César Castro Fagoaga is a Salvadoran journalist who has been covering the deadly Mara Salvatrucha gang for nearly a decade now, from various editorial standpoints.

Founded in the “barrios” of 1980s Los Angeles, the Mara Salvatrucha has evolved into possibly the most disreputable street gang the Western Hemisphere has ever encountered. More commonly known as MS-13, the gang’s territory now extends far past Los Angeles into Central American countries such as El Salvador and throughout Mexico, Canada and the Northeastern region of the United States.

The gang is known for its robberies, extortion and bullying its way into innocent neighborhoods. Members have progressively turned to transnational crimes including drug trafficking and human smuggling. In turn, these activities have converted the Northern Triangle, which consists of El Salvador, Guatemala and Honduras, into the most violent region in the world that is not at war. The U.S. Department of the Treasury declared the group a “transnational criminal organization” in October 2012 — the first such classification for a street gang founded in North America.

Initially, MS13 was composed of refugees from El Salvador living in the Pico-Union neighborhood of Los Angeles. Yet, with the mass number of Spanish speakers in the area, the gang extended into other nationalities and cities. As crime in the United States began to rise toward the end of the 1990s, the government initiated a program to deport foreign-born residents for a vast number of crimes. This increase in deportations led to a growth in gang members who were being returned to their home countries of El Salvador, Honduras and Guatemala, among others. According to a U.S. law enforcement official, the United States currently sends 100 ex-convicts back to El Salvador each week.

As a result of the constant deportations, the gang’s reach and size is largest in Central America, where its movements are also more diverse. Often times, its crimes affect more people and are more destructive on a daily basis than those of any other criminal entity in the area. In El Salvador, the Catholic church and government officials attempted to form a truce between MS-13 and its rival gang, Barrio 18, in 2012 that shortly fell apart roughly a year and a half later. Following this broken truce, homicides began to rise again in mid-2013, and continued to do so throughout 2014 and early 2015. By 2016 and onward, the government issued a sequence of extraordinary measures, which have led to what resembles a war between MS13 and El Salvador’s government security forces.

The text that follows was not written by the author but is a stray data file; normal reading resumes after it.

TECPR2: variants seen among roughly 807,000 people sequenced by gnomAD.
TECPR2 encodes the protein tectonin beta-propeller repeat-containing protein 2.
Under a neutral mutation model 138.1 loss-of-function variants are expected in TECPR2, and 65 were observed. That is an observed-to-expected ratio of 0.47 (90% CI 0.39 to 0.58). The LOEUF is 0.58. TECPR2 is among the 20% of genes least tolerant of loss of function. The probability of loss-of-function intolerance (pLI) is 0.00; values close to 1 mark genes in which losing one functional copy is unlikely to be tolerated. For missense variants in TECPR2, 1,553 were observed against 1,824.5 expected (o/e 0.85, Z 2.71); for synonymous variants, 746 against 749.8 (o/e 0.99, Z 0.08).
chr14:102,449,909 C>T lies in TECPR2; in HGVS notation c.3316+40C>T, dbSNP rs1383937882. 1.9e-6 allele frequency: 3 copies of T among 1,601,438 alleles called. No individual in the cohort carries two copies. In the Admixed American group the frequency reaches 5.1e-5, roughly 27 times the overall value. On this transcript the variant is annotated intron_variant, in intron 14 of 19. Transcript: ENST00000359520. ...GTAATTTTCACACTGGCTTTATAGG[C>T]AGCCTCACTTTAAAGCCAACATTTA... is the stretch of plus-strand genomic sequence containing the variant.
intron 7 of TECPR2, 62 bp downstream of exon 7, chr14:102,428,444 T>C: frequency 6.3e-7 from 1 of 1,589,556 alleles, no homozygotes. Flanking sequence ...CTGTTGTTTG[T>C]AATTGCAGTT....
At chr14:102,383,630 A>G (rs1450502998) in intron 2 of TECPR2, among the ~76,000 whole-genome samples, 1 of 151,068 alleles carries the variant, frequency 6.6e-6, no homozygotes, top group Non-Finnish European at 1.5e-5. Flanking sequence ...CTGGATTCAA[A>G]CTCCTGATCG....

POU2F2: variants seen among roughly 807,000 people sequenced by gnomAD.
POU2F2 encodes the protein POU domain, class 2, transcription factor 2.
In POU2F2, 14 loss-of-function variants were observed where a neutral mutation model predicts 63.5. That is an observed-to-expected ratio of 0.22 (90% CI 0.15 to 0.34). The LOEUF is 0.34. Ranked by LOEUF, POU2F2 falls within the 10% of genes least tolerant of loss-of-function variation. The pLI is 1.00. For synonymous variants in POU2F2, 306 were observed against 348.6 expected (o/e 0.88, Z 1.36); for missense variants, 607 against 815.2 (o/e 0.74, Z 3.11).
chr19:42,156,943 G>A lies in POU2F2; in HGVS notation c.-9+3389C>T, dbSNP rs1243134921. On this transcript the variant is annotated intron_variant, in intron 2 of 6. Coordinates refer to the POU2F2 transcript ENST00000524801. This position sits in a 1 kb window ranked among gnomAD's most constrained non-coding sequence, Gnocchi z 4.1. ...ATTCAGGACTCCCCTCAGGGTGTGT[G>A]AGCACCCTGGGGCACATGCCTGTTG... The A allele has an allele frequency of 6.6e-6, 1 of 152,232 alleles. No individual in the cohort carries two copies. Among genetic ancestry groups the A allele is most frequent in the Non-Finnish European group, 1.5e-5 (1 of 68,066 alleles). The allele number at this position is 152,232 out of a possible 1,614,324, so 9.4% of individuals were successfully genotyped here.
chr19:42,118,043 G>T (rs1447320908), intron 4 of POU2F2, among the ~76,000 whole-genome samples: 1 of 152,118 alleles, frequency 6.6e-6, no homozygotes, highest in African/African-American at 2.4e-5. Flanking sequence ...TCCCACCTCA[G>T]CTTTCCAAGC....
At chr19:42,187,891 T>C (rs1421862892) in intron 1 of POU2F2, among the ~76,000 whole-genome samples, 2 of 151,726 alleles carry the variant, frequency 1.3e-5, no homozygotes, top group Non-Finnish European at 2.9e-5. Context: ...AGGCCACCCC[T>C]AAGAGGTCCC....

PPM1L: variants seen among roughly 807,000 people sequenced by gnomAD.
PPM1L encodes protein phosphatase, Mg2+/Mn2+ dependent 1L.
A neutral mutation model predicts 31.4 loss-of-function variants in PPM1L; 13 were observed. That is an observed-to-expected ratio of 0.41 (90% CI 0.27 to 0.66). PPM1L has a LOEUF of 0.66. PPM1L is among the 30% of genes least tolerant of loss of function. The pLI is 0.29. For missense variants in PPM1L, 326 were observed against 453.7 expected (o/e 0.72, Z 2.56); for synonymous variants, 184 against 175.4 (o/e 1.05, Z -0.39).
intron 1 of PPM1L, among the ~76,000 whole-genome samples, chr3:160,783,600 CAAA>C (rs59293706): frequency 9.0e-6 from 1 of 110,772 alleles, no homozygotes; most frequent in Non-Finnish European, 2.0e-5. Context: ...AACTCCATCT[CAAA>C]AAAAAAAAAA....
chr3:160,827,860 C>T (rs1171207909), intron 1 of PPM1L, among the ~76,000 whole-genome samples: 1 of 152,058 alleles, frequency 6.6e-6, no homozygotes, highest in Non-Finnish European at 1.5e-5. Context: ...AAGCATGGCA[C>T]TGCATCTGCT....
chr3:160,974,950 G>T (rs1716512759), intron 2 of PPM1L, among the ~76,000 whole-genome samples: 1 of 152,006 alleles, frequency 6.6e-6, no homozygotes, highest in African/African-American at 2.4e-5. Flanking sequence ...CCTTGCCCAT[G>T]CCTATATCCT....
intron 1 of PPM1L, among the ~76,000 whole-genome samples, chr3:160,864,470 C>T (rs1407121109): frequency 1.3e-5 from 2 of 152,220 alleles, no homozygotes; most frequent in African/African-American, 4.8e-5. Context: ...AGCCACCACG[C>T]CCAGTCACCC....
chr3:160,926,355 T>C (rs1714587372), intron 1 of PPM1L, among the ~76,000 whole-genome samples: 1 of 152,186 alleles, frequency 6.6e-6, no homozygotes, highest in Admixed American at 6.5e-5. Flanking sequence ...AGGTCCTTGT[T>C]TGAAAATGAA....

Fagoaga was born in El Salvador and graduated from the Central American University of the Jesuits with a degree in journalism. At the age of 20, he began his career as a journalist, working at the first digital newspaper in Latin America, “El Faro,” as a reporter in 2005. Later on, he became the editor-in-chief of this Salvadoran newspaper for about a year. As a freelancer, he wrote for newspapers and magazines in Spain and Mexico, before returning to El Salvador in 2011 to serve as the editor of the judicial section at “La Prensa Gráfica.” Currently, Fagoaga is the editor-in-chief of Factum Magazine, an online Salvadoran publication. Although much of his work has been in editorial positions, this has not stopped Fagoaga from reporting and contributing to the discoveries that have been made in El Salvador, regarding crimes that have been committed by members of MS13.

the interview

To download our conversation with César Fagoaga, click here

Jasmine Fernandez: As a Salvadoran citizen, which gangs do you currently consider the most potent in your country?

César Fagoaga: There are three gangs because Barrio 18 was divided some time ago, but they are not the only ones. The main ones are Mara Salvatrucha 13, Barrio 18 Revolucionarios and Barrio 18 Sureños. The MS, the one that is more organized than Barrio 18, has structures that are quite similar in operation to Barrio 18, but the most numerous gang is the MS.

JF: While working for Factum Magazine, have you faced cases related to crimes committed by members of MS-13 or Barrio 18?

CF: Not yet. At Factum, we also publish cases related to gangs, but I had to deal with them more frequently during my four years as editor of the judicial section at La Prensa Grafica.

JF: What cases did you report while working for La Prensa Grafica? What crimes did you most often report about when dealing with these gangs?

CF: I have not worked as a reporter for some time, but my job as an editor is to guide the team of investigative reporters, so I do have a lot to report. Even as an editor, I did interviews and took notes and conducted research. I get involved a lot in the investigations by directing the team, and I also have contact with the sources. I interview not only the police or the chief of the police, but also the gang members whenever possible. In my work as an editor, I always have direct contact with the investigations, but I do not make any difference between working as a reporter or as an editor because I always get involved. I was very involved when I worked in the judicial section. The main crimes we reported from the gang members, the most frequent, were homicides. There were a lot of homicides. In 2015, El Salvador had a murder rate of 103 homicides per every hundred thousand inhabitants, which was the highest in the world in a country that does not have a declared war. There were more than six thousand homicides and if it is true that you cannot establish a percentage of exactly how much can be attributed to gangs, you can at least say that there is some relationship, either with the war between the gangs, or the war between gangs and the state. Homicides are certainly the most frequent, but there are also extortions, which are the main source of financing for gangs in El Salvador.